Spreading the Butter on the Toast Just So – High-Performance Organic Transistors by Novel Deposition Technique

A joint team of scientists from the Cornell High Energy Synchrotron Source (CHESS), King Abdullah University of Science and Technology (KAUST) in Saudi Arabia, and Stanford University just reported an experimental break-through for studying the structural evolution of organic transistor layers during the coating process in-situ and in real-time with x-ray scattering.

Knife-coated organic semiconductor blends with mobilities on par with single crystals

Organic field-effect transistors (OFETs) find multiple applications, for instance as switches in active displays, radio frequency identification tags, or flexible biomedical sensors. The mobility of an organic semiconductor film is a measure for the velocity of charge carrier transport and is reflected in the operational speed of the device. Normally, the single crystal of an organic semiconductor achieves higher mobility than a thin film by several orders of magnitude, but would be hard to implement in solution-based production processes.

X-Ray Raman spectroscopy at CHESS

The signals look much like x-ray absorption near-edge spectroscopy (XANES), but the element K-edges (EK) are not otherwise accessible at CHESS. XRS offers possibilities for monitoring light element chemical and physical processes when soft x-rays cannot be used, for example samples at high pressure or during chemical processing. Analyzer crystals are positioned to collect and reflect scattered hard x-ray photons at energy E1 as incident beam energy E0 is scanned in the vicinity of E1+ EK.

Surprising mechanism of an enzyme in a membrane

There are four known families of membrane-immersed proteases (enzymes which break protein chains); all four carry out important functions and damage to them is implicated in pathologies including cancer, Parkinson's disease, impaired resistance to parasites, and more. When a mutation results in overactivity of a membrane protease, an inhibitor of the protease can be effective treatment for a disease. Designing such inhibitors has proven difficult, largely because of incomplete understanding of the catalytic process in the intramembrane environment.

What is an Engineer?

This question was posed to several engineers at CHESS who were asked to describe in simple terms the three most important aspects of their jobs at a National Synchrotron Light-Source facility. Their responses were strikingly similar, with the ability to solve complex problems being at the top of their collective list, followed by the application of math and science knowledge to help them tackle these problems.


Undergraduate senior project takes flight

Cornell Mechanical & Aerospace Engineering student, Anton Volkmann, has sealed his place in the rich history of walkalong gliding.  Described as “the paper airplane that keeps on flying,” you launch one of these gliders by hand, then keep it aloft on a wave of air that you create by walking. First invented in 1950, they weren’t publicized until featured on PBS’s Scientific American Frontiers with Alan Alda in 2001. They are still little-known outside of a small, but growing group of progressive educators and aeronautic enthusiasts.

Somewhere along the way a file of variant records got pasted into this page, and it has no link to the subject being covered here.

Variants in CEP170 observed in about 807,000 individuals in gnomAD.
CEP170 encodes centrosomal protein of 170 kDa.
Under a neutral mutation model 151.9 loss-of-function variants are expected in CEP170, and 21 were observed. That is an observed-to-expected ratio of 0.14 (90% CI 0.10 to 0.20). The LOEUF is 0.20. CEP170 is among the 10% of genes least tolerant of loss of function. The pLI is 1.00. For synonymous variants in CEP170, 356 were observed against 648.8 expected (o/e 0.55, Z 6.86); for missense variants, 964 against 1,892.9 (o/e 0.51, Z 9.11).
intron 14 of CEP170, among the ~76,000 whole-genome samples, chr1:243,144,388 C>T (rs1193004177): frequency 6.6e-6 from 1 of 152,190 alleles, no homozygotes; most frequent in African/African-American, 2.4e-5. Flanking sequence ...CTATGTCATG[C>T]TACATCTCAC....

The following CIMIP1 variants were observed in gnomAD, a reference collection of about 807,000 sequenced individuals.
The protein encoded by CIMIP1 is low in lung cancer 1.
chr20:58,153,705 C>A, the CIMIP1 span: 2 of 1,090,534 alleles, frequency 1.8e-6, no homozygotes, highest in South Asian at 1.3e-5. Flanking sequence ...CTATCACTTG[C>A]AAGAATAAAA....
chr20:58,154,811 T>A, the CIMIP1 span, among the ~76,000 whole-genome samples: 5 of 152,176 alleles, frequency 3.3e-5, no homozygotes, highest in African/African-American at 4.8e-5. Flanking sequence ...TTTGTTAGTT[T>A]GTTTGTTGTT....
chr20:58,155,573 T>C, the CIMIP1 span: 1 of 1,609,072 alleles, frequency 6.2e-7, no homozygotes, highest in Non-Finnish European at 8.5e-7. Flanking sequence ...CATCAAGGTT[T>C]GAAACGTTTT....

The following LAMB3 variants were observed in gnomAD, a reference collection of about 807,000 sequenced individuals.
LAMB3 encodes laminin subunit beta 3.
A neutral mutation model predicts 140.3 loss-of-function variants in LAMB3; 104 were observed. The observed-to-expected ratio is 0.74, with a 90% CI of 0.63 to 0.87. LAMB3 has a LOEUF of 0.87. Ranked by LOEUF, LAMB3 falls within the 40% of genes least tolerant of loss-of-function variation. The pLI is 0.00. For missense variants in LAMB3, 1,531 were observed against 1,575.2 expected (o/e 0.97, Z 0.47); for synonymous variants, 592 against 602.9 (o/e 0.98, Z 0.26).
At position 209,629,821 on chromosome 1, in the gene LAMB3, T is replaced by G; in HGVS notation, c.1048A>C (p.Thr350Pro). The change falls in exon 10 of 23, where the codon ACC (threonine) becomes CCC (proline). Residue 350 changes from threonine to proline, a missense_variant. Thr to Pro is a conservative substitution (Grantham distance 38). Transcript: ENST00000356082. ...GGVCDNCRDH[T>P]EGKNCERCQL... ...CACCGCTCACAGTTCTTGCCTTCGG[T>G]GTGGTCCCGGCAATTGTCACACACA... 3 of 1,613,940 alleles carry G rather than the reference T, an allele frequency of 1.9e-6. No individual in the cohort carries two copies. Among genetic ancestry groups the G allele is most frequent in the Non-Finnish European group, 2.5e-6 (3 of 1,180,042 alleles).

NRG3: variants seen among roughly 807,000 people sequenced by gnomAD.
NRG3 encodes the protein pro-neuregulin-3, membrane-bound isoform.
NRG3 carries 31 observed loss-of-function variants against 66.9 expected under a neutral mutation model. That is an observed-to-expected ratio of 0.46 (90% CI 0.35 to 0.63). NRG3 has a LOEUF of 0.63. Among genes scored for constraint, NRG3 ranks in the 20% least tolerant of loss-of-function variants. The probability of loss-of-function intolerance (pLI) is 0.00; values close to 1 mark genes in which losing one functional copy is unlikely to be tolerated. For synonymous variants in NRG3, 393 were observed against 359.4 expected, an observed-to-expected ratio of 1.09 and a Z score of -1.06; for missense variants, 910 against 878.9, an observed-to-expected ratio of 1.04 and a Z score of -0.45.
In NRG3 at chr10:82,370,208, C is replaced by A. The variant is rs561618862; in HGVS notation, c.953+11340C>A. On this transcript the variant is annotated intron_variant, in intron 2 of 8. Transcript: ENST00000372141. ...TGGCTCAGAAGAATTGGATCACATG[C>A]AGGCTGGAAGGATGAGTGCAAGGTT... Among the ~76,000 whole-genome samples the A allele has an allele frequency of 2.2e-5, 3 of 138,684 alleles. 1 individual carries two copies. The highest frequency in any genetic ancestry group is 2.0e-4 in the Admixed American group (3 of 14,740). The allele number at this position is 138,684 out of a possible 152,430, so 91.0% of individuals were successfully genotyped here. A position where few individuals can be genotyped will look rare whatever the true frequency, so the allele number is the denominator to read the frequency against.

New tricks for an old dog: A comparison of the etch mechanisms of germanium and silicon

At CHESS, we have adopted this microfabrication technique to develop novel x-ray optics called,Collimating Channel Arrays  (CCAs) [1], for confocal x-ray fluorescence microscopy (CXRF). Because the first CCA optics were fabricated from silicon substrates, the range of x-ray fluorescence energies for which they could be used, and hence the elements they could be used to study, was limited. Unwanted x-rays above about 11 keV could penetrate through the silicon, showing up as background and interfering with the measurement.

CHESS-U update: First Light in ID1A3

CHESS staff have been hard at work since the initial installation of the shield walls in September (completed in 6 short days!). Installation of the transfer pipe from the F2 hutch, station beam stops and associated shielding, utilities, and beamline controls were completed all while servicing users during the fall CHESS running period. Monochromatic beam experiments have already begun and white beam capability will be commissioned during the 1-week spring shutdown.

With CLEO detector gone, CHESS facility looks back, ahead

On Sept. 6, the 26-ton solenoidal superconducting magnet was carefully removed from the Wilson Synchrotron Laboratory. This was the last vestige of the CLEO detector, which for nearly 30 years recorded data produced from the collision of positively and negatively charged electrons that hurtled around the 840-yard subterranean collider, CESR (Cornell Electron-positron Storage Ring).